Loss Of Hearing May Lead To Loss Of Memory

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So what to do about it?

First off, just because a person has hearing loss it does not mean that he/she is destined to have dementia. Some individuals may have hearing loss and never experience cognitive decline. Similarly, others will have normal hearing but develop dementia.

However, there are things you can do to protect your hearing and lower your risk of cognitive decline.

One important step is protecting your hearing. Noise is more harmful the louder it is and the longer you are exposed to it. If you are going to be near loud noise such as a concert or machinery, it is important to wear earplugs. Another way to protect your hearing is by not listening to music at a loud volume, particularly if using headphones or earbuds. A good rule of thumb is to never listen to your music at more than 60% volume and the person next to you should not be able to hear music coming from your headphones.

 

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Another easy thing you can do is get a hearing exam. The American Speech-Language-Hearing Association recommends that individuals get this done once every 10 years up until the age of 50. After age 50, it is recommended that individuals get a hearing exam every three years. Hearing loss often occurs very gradually, going undetected for years. Therefore, getting a hearing exam is crucial for early detection.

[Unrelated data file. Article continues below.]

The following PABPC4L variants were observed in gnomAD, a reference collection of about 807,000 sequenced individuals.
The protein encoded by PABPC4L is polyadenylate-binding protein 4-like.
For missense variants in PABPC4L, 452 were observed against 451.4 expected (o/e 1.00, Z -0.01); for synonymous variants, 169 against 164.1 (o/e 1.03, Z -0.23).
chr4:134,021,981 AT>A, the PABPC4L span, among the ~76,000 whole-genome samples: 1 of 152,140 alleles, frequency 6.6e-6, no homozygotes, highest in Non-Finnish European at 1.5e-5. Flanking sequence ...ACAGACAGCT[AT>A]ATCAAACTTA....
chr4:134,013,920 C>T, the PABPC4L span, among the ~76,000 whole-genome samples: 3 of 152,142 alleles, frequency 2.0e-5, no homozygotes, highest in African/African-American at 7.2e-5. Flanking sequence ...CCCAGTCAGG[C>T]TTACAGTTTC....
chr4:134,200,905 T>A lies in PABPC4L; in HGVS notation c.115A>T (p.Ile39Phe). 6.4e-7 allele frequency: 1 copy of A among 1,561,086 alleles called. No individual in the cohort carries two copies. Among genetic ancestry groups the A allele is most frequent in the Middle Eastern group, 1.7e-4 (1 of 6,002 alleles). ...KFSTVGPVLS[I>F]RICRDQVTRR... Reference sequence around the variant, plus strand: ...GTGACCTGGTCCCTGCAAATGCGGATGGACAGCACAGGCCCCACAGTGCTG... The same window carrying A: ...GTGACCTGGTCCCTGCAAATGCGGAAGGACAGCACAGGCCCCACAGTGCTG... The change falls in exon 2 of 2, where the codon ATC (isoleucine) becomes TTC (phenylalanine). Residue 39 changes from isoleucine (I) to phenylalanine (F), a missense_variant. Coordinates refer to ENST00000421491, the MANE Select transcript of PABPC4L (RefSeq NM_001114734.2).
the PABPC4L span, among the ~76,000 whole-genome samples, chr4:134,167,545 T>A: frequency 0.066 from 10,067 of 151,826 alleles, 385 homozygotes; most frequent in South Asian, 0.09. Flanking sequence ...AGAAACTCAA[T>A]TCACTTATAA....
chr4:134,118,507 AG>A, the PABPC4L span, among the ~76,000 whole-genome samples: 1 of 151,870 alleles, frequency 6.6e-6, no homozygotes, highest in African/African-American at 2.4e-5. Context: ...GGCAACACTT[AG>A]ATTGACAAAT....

If you believe you or a loved one is experiencing hearing loss, talk to your medical provider about it. You could save not only your hearing, but possibly your memory as well.

References:

www.jamanetwork.com

www.asha.org

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